In light of the fact that heaven, not the earth, is His throne, the LORD asks here what house any human being can build for Him? Of course, the answer is that no one can truly build such a house. “Unless the LORD builds the house, They labor in vain who build it,” as Psalm 127:1 declares. But even the temple that the Lord built in Jerusalem could not contain Him. It could not truly become the place of His rest. Yet these religious leaders were putting all their trust in the presence of the temple among them. Just like those in Isaiah’s day, they were putting all their hope in an earthly building, rather than the God Who sanctified that building. Stephen is explaining to them here that that trust is misplaced. Yet this message was no more popular in Stephen’s day than it was in Isaiah’s. These men took great pride in their earthly temple, and they did not want to hear that their view of that building was greater than the truth. In the same way, men today are loathe to believe the truth about these earthly churches that they build. They want to believe that they are far more in God’s sight than they could ever truly be. And none of these have been built by the direct command of God, as the temple was!

50. Has My hand not made all these things?’

The LORD had made all the materials of which the temple was made. How, then, could that temple contain Him and provide Him rest? Stephen proves to these men what they did not want to hear: that the temple in which they put so much pride was nothing next to God. Now, they were exalting that temple at the same time as they were refusing to obey God!

51. “You stiff-necked and uncircumcised in heart and ears! You always resist the Holy Spirit; as your fathers did, so do you.

Now that he has shown the Sanhedrin the falsehood of their reliance on their physical descent from the nation of Israel and upon their fathers, on their own position as leaders in Israel, on the law that they had been given, and upon the temple over which they exercised control, he will accuse them of the crime they were committing that they tried to hide under all these things. While taking glory in all the trappings of Godliness, they were behaving in a stubborn and stiff-necked way before God. They refused to hear both Christ and the apostles Christ had sent to them, and instead fought against them. They were also uncircumcised in heart and ears. Notice the use here of “uncircumcised” in the sense of sinful and not set apart to God. They had not put off “the body of the sins of the flesh,” as Colossians 2:11 speaks of the circumcision of Christ.

Moreover, they always resisted the Holy Spirit, just as their fathers did. “The Holy Spirit” here is to pneumati to hagio, or “the Spirit the Holy” in Greek, and so is speaking of the Person of the Spirit rather than His power. It was He they were always resisting. They were unwilling to hear His words or obey His commands as they were even then being spoken through Stephen.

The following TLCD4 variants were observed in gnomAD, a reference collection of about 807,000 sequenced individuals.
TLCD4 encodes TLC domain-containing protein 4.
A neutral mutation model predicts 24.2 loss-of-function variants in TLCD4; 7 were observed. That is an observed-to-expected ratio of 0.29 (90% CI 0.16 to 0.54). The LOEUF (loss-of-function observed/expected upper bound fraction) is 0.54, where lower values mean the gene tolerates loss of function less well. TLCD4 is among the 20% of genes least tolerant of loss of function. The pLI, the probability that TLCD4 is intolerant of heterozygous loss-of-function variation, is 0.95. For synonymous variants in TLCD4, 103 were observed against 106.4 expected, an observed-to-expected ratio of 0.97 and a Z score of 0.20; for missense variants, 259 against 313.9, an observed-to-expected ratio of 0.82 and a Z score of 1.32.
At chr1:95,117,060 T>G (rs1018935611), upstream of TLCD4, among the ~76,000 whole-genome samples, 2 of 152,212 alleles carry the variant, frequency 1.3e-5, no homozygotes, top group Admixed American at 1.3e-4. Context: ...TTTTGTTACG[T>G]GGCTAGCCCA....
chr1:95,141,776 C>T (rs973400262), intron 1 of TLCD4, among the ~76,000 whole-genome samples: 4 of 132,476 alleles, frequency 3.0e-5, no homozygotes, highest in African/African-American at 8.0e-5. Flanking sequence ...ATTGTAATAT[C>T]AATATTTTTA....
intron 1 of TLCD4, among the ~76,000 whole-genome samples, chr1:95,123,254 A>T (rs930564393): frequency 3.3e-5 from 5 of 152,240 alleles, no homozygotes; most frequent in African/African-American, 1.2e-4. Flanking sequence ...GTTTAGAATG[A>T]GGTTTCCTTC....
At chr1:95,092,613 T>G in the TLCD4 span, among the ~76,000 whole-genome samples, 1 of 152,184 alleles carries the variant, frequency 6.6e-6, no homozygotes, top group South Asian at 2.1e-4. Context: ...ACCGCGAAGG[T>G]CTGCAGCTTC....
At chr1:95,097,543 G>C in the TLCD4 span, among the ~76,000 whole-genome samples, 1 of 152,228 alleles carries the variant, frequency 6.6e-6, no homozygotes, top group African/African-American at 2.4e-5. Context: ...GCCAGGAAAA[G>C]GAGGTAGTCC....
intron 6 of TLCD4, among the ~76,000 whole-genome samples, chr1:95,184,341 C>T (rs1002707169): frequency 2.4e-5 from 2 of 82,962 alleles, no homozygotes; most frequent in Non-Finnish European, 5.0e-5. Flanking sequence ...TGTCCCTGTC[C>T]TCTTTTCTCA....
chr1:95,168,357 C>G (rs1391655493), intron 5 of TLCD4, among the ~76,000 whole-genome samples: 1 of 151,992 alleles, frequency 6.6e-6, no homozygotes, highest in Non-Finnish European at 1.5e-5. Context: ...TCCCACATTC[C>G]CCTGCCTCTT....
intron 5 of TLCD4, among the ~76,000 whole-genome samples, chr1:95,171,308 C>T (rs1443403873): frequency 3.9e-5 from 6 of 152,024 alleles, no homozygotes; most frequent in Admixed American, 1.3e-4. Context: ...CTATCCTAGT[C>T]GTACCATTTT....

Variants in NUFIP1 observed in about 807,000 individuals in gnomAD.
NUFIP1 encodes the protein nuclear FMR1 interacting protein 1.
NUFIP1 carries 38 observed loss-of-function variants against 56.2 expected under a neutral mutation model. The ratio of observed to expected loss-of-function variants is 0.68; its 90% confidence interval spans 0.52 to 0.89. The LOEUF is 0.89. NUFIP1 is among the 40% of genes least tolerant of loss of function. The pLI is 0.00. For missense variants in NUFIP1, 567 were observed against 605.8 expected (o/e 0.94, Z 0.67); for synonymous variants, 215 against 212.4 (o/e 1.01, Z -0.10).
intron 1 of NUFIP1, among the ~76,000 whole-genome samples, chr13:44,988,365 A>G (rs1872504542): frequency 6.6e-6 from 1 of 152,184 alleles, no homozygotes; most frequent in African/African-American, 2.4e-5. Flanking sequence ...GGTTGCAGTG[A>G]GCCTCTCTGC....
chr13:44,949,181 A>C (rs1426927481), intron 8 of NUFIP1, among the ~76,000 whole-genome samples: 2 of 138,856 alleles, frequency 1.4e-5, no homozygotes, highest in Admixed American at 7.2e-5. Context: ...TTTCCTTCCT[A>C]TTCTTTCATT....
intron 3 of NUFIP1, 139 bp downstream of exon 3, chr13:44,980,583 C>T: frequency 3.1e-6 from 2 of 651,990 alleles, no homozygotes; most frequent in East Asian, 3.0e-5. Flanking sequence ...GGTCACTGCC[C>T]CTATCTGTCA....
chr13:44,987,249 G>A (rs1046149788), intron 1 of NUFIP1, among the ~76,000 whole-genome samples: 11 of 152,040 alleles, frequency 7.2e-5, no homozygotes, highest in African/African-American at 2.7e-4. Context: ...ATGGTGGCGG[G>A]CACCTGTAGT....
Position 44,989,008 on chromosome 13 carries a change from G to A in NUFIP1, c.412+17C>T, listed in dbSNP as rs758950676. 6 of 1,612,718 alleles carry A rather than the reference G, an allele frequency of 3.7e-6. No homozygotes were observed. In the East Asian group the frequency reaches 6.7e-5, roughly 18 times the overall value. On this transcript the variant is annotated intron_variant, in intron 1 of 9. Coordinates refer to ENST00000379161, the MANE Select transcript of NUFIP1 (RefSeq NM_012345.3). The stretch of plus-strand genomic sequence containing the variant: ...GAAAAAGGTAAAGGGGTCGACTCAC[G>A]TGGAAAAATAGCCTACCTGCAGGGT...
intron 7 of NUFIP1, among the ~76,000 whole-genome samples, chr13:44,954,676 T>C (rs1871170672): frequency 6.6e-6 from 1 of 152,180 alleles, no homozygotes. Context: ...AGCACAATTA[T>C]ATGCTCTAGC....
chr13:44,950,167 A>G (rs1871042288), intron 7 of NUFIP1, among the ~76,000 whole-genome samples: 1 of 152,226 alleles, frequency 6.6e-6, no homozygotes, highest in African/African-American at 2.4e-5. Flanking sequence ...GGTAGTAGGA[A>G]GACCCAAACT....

We cannot help but think that Stephen’s stern denouncement of the Sanhedrin here was based in part on their stubborn refusal to hear his words up until this point. The Holy Spirit knows that these men have not listened to the persuasive words He has set before them so far, and so now He indicts them for their stubborn and unyielding hearts.

52. Which of the prophets did your fathers not persecute? And they killed those who foretold the coming of the Just One, of whom you now have become the betrayers and murderers,

Rather than merely pointing out the parallel between what they were doing and what had happened to Joseph or Moses, the Spirit now speaks out and accuses their fathers of persecuting the prophets God had sent to them. The religious leaders were very proud of their position, but they did not like to admit that even in the history of Israel already past it was usually from the leadership of the nation that the persecution against God’s prophets arose. So it was those who were their fathers who had killed those prophets God sent who foretold the coming of the Just One, Jesus Christ. Now, they had acted in the same manner, and had betrayed and murdered the Just One Himself, showing that they were true sons of their fathers!

The Lord’s words continue with their changed and much harsher tone. Perhaps God was seeking to jar these men to a realization of what they were doing by these strong statements. Drastic measures were needed, for these men were now on the very brink of rejecting God’s message once and for all to their own destruction.

53. who have received the law by the direction of angels and have not kept it.”

The Sanhedrin were among the people of Israel, which people were highly honored by the fact that they were the people who had received the law by the direction of God’s messengers. Yet they had not kept the law, and thus had forfeited any honor they might have had in God’s sight.

Now the Holy Spirit through Stephen completely turns the tables of the trial around on the Sanhedrin. They had begun this trial based on some trumped-up charges that Stephen had blasphemed or spoken against the law. Yet now Stephen through the Holy Spirit accuses them of being the ones who have broken the law. This was a stirring yet accurate accusation to make, and it unmasked the truth of this whole trial. This whole scene was not about anything that Stephen had done, but rather about the Sanhedrin’s stubborn refusal to obey God.